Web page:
The only female Ukrainian competitor at the 2021 ISA event was Anastasiia Temirbek, who entered heat 8 and finished with a score of 3.07, finishing fourth. Originally from Mariupol but currently based in Bali, Anastasiia is fiercely passionate about representing her country. Having learned to surf on trips to surfing hotspots like Indonesia and the Maldives, her high-level surfing skillset earned her a place on the Ukrainian surfing team.
“Ukraine is a seaside country. We have no ocean, so to qualify to represent Ukraine, I just needed to catch the right waves. Then at the ISA event, our main goal for the Ukraine team was to represent our country, to show other people what could be achievable. Again, my goal was just to catch waves, and I did that. But next time, I will aim higher. Maybe our country doesn’t have the same surfing experience as Australia or the United States, but with this first event, we have opened doors to let more Ukrainian surfers enter the world stage of surfing and compete against the best in the world.”
Anastasiia made history by becoming the first-ever female surfer to represent her country. Then during the pandemic, she moved to Bali to continue her surf training, unaware of the devastating events that were about to unfold back home.
“I have been in Jimbaran for over a year now,” says Anastasiia. “After the invasion, surfing was hard. I found it difficult to find any joy knowing what was happening back home. I remember that first session back in the water, I was there for an hour paddling around for waves and eventually found myself focused on surfing instead of constantly thinking about trying to solve problems at home with my family. The ocean helped to heal me so much. I’m not sure how I’d have handled all of this stress and hard news without being able to come back to the water to witness the waves breaking. When you see the beauty of the ocean after feeling sad for so long, something beautiful comes from the sadness. It brought me a sense of hope that this nightmare will end.”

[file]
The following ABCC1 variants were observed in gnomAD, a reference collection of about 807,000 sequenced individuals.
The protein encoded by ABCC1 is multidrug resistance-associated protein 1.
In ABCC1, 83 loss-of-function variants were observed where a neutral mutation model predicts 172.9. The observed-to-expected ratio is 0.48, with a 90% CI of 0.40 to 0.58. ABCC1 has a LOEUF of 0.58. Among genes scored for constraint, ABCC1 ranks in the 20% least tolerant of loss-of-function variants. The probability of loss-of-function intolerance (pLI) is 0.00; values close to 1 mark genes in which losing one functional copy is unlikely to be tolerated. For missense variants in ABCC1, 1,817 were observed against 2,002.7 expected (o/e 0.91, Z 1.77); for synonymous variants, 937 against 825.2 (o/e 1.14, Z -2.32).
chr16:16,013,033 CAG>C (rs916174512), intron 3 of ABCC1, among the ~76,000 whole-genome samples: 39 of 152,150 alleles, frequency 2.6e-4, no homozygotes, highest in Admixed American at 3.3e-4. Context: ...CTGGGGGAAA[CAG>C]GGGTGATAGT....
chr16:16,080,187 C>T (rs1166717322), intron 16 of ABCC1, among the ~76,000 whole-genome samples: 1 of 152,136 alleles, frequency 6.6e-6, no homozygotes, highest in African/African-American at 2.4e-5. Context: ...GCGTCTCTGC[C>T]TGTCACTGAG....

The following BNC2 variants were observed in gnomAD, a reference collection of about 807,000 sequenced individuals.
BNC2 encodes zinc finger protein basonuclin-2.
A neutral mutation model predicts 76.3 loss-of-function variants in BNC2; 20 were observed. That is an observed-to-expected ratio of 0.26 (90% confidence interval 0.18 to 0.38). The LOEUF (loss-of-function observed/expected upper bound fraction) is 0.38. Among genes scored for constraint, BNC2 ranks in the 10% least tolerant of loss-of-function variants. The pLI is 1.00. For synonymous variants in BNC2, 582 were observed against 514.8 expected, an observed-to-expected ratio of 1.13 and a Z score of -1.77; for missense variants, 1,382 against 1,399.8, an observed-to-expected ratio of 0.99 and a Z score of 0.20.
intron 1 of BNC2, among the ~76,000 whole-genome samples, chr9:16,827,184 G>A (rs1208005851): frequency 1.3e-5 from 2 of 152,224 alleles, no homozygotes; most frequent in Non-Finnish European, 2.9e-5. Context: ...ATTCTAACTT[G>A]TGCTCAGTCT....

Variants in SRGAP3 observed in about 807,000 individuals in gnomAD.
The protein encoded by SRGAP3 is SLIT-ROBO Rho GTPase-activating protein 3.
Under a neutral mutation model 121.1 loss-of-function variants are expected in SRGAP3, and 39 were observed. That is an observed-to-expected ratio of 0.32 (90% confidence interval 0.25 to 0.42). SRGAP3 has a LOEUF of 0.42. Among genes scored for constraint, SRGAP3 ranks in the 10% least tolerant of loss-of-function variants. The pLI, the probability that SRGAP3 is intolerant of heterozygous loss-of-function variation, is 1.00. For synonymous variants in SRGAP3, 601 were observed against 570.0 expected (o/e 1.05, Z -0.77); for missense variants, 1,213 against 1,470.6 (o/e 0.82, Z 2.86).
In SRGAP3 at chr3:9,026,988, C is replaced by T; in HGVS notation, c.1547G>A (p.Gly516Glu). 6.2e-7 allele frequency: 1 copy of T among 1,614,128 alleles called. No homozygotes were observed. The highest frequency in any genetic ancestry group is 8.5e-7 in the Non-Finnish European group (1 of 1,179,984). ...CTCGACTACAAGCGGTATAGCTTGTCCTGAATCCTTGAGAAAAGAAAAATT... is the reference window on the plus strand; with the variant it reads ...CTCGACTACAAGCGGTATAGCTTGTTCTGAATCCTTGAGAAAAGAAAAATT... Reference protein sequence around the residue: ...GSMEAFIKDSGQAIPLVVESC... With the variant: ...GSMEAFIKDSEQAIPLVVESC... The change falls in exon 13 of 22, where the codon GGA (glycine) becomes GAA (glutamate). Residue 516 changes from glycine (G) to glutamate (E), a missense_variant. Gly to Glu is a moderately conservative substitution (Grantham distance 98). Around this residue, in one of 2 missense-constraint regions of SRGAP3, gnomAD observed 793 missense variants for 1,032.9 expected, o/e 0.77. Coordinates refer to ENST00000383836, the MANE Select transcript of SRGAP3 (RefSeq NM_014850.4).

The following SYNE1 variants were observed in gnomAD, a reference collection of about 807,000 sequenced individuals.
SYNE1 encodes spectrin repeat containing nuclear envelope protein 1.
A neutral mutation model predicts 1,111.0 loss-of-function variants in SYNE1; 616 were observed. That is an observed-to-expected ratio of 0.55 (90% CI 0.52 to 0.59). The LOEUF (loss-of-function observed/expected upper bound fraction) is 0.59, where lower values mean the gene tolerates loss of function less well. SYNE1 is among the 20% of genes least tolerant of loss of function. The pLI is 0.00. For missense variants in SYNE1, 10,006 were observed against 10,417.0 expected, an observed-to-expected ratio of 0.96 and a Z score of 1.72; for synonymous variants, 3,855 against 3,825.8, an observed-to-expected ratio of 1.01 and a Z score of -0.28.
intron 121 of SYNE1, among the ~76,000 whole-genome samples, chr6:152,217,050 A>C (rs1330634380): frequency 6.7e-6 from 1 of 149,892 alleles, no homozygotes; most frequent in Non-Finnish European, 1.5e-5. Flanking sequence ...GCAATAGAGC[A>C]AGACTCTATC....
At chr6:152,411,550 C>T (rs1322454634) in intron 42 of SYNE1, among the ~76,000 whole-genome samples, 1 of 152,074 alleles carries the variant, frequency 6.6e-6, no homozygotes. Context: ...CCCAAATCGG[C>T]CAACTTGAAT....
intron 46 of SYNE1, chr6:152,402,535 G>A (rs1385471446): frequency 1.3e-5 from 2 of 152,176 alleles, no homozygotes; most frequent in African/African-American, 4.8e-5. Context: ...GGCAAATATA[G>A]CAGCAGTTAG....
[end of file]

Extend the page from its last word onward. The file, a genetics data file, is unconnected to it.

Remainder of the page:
Anastasiia’s favorite Balinese surf break is Airport Lefts, located just in front of the Denpasar airport runway, which is slightly bigger and more famous than nearby Kuta Reef, but not as hollow. It offers high tubes and a workable shoulder, with two distinct takeoff peaks.
Although the war may have briefly halted the development of Ukrainian surfing, it hasn’t faltered the passion held by the tight-knit community of Ukrainian surfers dotted around the world. If we’ve learned anything from the past few months, it’s just how resilient the people of Ukraine can be. Even though the surf breaks are no longer safe, it’s clear that Ukrainian surfers are here to stay.
“I believe our Ukrainian surf community will develop,” says Anastasiia. “We have shown that Ukrainian surfers can make it to the World Surfing Games, so now the road is open. You just need to train and go represent your country.”